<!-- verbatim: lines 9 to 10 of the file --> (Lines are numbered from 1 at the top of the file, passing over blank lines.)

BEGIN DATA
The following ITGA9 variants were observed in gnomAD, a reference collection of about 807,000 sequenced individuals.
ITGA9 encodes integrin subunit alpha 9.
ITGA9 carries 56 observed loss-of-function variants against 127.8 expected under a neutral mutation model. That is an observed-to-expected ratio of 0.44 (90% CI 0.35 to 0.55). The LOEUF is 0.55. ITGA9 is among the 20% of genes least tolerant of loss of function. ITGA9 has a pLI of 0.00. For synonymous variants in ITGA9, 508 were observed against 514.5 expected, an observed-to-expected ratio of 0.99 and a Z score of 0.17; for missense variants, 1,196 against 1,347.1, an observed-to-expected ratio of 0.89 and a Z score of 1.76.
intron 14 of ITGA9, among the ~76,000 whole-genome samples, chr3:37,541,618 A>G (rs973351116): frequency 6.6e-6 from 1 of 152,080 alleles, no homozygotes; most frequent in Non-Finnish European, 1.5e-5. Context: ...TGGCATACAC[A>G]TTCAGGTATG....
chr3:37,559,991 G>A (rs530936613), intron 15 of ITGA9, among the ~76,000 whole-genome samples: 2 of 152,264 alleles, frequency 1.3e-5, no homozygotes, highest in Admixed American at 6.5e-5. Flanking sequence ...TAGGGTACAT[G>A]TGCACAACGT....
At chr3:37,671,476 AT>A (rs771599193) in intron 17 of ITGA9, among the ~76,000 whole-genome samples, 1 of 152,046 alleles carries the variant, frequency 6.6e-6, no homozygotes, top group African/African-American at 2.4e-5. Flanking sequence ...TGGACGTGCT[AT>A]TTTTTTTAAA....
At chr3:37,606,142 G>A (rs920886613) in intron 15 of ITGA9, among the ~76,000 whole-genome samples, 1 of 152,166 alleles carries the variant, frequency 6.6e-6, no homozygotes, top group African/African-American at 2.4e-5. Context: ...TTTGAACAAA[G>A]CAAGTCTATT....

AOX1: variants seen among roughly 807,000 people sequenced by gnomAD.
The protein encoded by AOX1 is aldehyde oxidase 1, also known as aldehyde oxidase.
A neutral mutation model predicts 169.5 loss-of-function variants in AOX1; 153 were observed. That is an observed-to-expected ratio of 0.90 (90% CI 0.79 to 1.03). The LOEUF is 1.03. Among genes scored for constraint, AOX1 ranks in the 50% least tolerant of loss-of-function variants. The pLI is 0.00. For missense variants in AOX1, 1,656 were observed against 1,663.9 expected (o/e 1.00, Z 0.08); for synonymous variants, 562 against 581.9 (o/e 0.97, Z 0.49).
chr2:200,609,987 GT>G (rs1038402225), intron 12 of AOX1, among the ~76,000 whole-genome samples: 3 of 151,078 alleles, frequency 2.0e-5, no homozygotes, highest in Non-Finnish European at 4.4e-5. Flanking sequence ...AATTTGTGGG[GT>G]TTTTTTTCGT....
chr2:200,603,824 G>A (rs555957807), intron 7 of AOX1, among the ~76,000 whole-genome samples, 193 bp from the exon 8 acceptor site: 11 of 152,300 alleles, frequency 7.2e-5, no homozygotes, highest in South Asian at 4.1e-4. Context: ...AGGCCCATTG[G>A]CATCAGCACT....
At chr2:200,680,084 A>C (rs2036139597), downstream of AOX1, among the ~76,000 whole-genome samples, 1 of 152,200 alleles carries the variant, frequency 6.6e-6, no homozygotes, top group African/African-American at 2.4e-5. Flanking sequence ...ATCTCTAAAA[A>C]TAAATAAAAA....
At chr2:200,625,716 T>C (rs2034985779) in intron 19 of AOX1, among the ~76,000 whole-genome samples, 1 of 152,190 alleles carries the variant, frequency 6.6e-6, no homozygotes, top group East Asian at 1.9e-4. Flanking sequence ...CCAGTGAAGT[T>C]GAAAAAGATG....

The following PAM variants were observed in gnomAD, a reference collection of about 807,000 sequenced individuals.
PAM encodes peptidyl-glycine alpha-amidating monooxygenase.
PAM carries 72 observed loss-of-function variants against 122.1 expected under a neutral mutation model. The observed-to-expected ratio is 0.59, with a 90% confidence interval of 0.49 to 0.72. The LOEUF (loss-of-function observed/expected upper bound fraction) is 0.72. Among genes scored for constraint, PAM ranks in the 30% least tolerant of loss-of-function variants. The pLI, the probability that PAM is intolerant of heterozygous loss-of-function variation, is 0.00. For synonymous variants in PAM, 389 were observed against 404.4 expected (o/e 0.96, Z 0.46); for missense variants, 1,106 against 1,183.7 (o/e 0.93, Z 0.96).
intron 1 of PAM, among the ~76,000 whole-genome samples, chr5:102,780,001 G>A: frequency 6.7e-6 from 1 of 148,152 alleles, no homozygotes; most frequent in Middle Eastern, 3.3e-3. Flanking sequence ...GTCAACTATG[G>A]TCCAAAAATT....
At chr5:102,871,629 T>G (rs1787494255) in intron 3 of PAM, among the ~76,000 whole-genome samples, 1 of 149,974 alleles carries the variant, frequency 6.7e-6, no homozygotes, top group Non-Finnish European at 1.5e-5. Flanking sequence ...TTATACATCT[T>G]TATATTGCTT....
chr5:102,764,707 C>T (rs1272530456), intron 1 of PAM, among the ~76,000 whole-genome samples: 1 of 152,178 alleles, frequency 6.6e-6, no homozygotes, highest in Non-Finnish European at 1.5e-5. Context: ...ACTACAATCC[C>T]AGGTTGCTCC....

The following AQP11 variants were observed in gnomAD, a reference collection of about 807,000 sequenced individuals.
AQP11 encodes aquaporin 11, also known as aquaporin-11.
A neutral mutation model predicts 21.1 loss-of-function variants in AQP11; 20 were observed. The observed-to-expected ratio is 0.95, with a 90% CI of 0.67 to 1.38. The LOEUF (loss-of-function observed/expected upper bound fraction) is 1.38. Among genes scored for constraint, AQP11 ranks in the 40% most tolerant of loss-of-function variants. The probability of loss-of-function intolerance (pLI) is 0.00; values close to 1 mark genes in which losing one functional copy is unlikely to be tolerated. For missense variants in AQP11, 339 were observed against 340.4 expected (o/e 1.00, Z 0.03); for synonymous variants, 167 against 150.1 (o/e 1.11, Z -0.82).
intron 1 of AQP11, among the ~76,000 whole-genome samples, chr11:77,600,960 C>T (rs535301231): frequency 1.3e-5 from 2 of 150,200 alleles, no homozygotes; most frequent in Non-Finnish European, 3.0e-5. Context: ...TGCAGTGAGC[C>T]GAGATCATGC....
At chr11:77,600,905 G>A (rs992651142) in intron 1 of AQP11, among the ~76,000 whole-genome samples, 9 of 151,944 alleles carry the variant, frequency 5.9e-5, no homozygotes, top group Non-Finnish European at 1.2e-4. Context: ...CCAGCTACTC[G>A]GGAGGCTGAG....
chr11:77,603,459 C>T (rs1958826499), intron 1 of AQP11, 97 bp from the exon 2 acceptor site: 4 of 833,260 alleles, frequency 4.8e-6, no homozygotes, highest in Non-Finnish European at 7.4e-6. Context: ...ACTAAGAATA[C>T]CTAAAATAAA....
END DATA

The protein encoded by AOX1 is aldehyde oxidase 1, also known as aldehyde oxidase.
A neutral mutation model predicts 169.5 loss-of-function variants in AOX1; 153 were observed. That is an observed-to-expected ratio of 0.90 (90% CI 0.79 to 1.03). The LOEUF is 1.03. Among genes scored for constraint, AOX1 ranks in the 50% least tolerant of loss-of-function variants. The pLI is 0.00. For missense variants in AOX1, 1,656 were observed against 1,663.9 expected (o/e 1.00, Z 0.08); for synonymous variants, 562 against 581.9 (o/e 0.97, Z 0.49).